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Is it possible to solve a pair of two equations for four unknowns

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Kyle Luttgeharm
Kyle Luttgeharm el 5 de Mzo. de 2015
Comentada: John D'Errico el 5 de Mzo. de 2015
I have a paired set of equations that has four unknowns and was wondering if it is possible using matlab to solve for the four unknowns. My equations are where I need to know what values of A, B, x, and y make both equations true.
'A*(12.12)^x + B*(2.35)^y = 6.20'
'A*(8.55)^x + B*(6.44)^y = 34.52')

Respuestas (4)

Star Strider
Star Strider el 5 de Mzo. de 2015
If you have the Optimization Toolbox (so you can use the fsolve function), you can get a set of parameters that will satisfy your equations. They will not be unique.
% A = b(1), B = b(2), x = b(3), y = b(4)
f = @(b) [b(1)*(12.12)^b(3) + b(2)*(2.35)^b(4) - 6.20; b(1)*(8.55)^b(3) + b(2)*(6.44)^b(4) - 34.52];
B0 = ones(4,1);
B = fsolve(f, B0);

James Tursa
James Tursa el 5 de Mzo. de 2015
Editada: James Tursa el 5 de Mzo. de 2015
A brute force method to get a single solution:
% Equations (pick x and y both not 0 and not too big)
disp('Numbers')
x = randn % pick
y = randn % pick
C = [12.12^x 2.35^y;8.55^x 6.44^y];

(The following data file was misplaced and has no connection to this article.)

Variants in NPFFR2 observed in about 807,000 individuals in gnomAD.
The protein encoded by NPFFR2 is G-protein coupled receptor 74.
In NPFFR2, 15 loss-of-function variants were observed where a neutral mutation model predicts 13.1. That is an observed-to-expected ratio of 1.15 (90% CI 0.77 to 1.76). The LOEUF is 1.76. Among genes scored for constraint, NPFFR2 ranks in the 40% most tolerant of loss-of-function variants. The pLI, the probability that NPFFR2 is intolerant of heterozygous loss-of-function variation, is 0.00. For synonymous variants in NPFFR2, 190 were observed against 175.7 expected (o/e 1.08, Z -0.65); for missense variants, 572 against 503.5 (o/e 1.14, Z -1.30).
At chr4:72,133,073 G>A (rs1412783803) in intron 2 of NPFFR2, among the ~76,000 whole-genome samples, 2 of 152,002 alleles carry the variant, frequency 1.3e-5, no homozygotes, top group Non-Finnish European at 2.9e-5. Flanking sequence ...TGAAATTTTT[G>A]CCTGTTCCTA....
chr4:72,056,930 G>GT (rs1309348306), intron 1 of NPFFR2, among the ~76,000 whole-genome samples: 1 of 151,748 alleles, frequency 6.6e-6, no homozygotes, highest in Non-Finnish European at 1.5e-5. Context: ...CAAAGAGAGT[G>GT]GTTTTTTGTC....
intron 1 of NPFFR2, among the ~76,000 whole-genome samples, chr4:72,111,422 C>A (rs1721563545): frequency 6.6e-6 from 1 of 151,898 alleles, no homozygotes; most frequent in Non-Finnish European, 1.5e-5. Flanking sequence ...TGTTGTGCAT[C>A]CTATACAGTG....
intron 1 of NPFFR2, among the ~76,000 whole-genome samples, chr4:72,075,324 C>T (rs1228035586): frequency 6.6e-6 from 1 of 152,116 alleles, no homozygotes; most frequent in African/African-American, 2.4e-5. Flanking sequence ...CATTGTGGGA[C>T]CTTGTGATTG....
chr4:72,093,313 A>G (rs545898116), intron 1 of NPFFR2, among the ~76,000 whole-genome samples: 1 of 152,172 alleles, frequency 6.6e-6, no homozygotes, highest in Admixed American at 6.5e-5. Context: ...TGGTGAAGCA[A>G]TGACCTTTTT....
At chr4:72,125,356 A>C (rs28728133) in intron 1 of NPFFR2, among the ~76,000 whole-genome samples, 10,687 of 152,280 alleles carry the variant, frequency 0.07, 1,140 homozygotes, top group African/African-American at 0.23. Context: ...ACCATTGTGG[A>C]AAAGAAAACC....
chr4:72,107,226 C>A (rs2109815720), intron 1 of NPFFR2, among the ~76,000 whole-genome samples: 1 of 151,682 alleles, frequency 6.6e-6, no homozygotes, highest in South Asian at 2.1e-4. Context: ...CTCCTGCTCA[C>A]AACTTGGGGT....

D = C\[6.20;34.52];
A = D(1)
B = D(2)
disp('Check')
[A*12.12^x + B*2.35^y, 6.20]
[A* 8.55^x + B*6.44^y,34.52]
disp('Difference')
A*12.12^x + B*2.35^y - 6.20
A* 8.55^x + B*6.44^y -34.52
Answer is not unique.

Andrew Newell
Andrew Newell el 5 de Mzo. de 2015
Editada: Andrew Newell el 5 de Mzo. de 2015
Since the answer is not unique, just pick x=y=1 and solve the linear equation to get A and B:
[12.12 2.35; 8.55 6.44]\[6.20; 34.52]
ans =
-0.7107
6.3038
You can choose just about any values for x and y and get a valid answer using the same method. See mldivide for why the backslash does the job for you.

John D'Errico
John D'Errico el 5 de Mzo. de 2015
Editada: John D'Errico el 5 de Mzo. de 2015
There are infinitely many solutions to this problem, a 2-dimensional locus of points embedded in the 4 parameter space defined by (A,B,x,y).
syms A B x y
E1 = A*(12.12)^x + B*(2.35)^y == 6.20;
E2 = A*(8.55)^x + B*(6.44)^y == 34.52;
sol = solve(E1,E2,{A,B});
sol.A
ans =
(863*(47/20)^y - 155*(161/25)^y)/(25*((47/20)^y*(171/20)^x - (161/25)^y*(303/25)^x))
sol.B
ans =
(155*(171/20)^x - 863*(303/25)^x)/(25*((47/20)^y*(171/20)^x - (161/25)^y*(303/25)^x))
Here I've solved for A and B, given general values for x and y.
  2 comentarios
Roger Stafford
Roger Stafford el 5 de Mzo. de 2015
For every pair of coordinates, x and y, there will be a unique solution for A and B except along a certain line through the origin. For all x/y pairs along this line there will be no solutions for A and B except at a certain point where there will be infinitely many A, B solutions.
John D'Errico
John D'Errico el 5 de Mzo. de 2015
As Roger points out, if we can find a value of K such that
K*2.35^y == 6.44^y
AND
K*12.12^x == 8.55^x
then we will find infinitely many solutions. Taking logs...
log(K) + y*log(2.35) == y*log(6.44)
log(K) + x*log(12.12) == x*log(8.55)
So
log(K) = y*(log(6.44) - log(2.35))
log(K) = x*(log(8.55) - log(12.12))
So the line that Roger has indicated is
y = x * (log(8.55) - log(12.12))/(log(6.44) - log(2.35))
Along that line, the linear system for A and B is singular.

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